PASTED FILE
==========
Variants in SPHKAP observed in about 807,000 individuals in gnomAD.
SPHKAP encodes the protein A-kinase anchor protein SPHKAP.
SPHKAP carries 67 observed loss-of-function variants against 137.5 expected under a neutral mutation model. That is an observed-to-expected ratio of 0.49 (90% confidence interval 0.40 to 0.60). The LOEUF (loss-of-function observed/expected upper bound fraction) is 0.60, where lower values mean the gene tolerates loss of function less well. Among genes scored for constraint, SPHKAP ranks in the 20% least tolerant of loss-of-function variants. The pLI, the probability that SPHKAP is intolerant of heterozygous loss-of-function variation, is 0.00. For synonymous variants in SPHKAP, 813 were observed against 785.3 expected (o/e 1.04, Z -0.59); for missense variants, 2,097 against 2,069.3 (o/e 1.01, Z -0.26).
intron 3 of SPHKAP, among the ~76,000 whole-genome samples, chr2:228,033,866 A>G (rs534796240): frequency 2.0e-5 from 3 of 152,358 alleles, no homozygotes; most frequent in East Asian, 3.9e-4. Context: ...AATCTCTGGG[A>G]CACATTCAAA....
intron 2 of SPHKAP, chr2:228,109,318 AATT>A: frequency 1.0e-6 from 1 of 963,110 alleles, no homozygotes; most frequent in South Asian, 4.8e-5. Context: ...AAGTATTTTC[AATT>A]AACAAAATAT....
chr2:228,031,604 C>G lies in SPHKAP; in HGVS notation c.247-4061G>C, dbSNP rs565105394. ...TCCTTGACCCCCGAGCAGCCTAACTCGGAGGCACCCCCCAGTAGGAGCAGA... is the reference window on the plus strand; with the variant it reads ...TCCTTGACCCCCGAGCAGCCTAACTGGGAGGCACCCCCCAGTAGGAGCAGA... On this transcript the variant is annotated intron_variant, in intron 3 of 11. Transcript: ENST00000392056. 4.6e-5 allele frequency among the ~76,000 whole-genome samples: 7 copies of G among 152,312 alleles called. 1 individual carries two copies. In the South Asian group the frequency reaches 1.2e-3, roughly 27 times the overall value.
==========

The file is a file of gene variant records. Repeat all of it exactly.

Variants in SPHKAP observed in about 807,000 individuals in gnomAD.
SPHKAP encodes the protein A-kinase anchor protein SPHKAP.
SPHKAP carries 67 observed loss-of-function variants against 137.5 expected under a neutral mutation model. That is an observed-to-expected ratio of 0.49 (90% confidence interval 0.40 to 0.60). The LOEUF (loss-of-function observed/expected upper bound fraction) is 0.60, where lower values mean the gene tolerates loss of function less well. Among genes scored for constraint, SPHKAP ranks in the 20% least tolerant of loss-of-function variants. The pLI, the probability that SPHKAP is intolerant of heterozygous loss-of-function variation, is 0.00. For synonymous variants in SPHKAP, 813 were observed against 785.3 expected (o/e 1.04, Z -0.59); for missense variants, 2,097 against 2,069.3 (o/e 1.01, Z -0.26).
intron 3 of SPHKAP, among the ~76,000 whole-genome samples, chr2:228,033,866 A>G (rs534796240): frequency 2.0e-5 from 3 of 152,358 alleles, no homozygotes; most frequent in East Asian, 3.9e-4. Context: ...AATCTCTGGG[A>G]CACATTCAAA....
intron 2 of SPHKAP, chr2:228,109,318 AATT>A: frequency 1.0e-6 from 1 of 963,110 alleles, no homozygotes; most frequent in South Asian, 4.8e-5. Context: ...AAGTATTTTC[AATT>A]AACAAAATAT....
chr2:228,031,604 C>G lies in SPHKAP; in HGVS notation c.247-4061G>C, dbSNP rs565105394. ...TCCTTGACCCCCGAGCAGCCTAACTCGGAGGCACCCCCCAGTAGGAGCAGA... is the reference window on the plus strand; with the variant it reads ...TCCTTGACCCCCGAGCAGCCTAACTGGGAGGCACCCCCCAGTAGGAGCAGA... On this transcript the variant is annotated intron_variant, in intron 3 of 11. Transcript: ENST00000392056. 4.6e-5 allele frequency among the ~76,000 whole-genome samples: 7 copies of G among 152,312 alleles called. 1 individual carries two copies. In the South Asian group the frequency reaches 1.2e-3, roughly 27 times the overall value.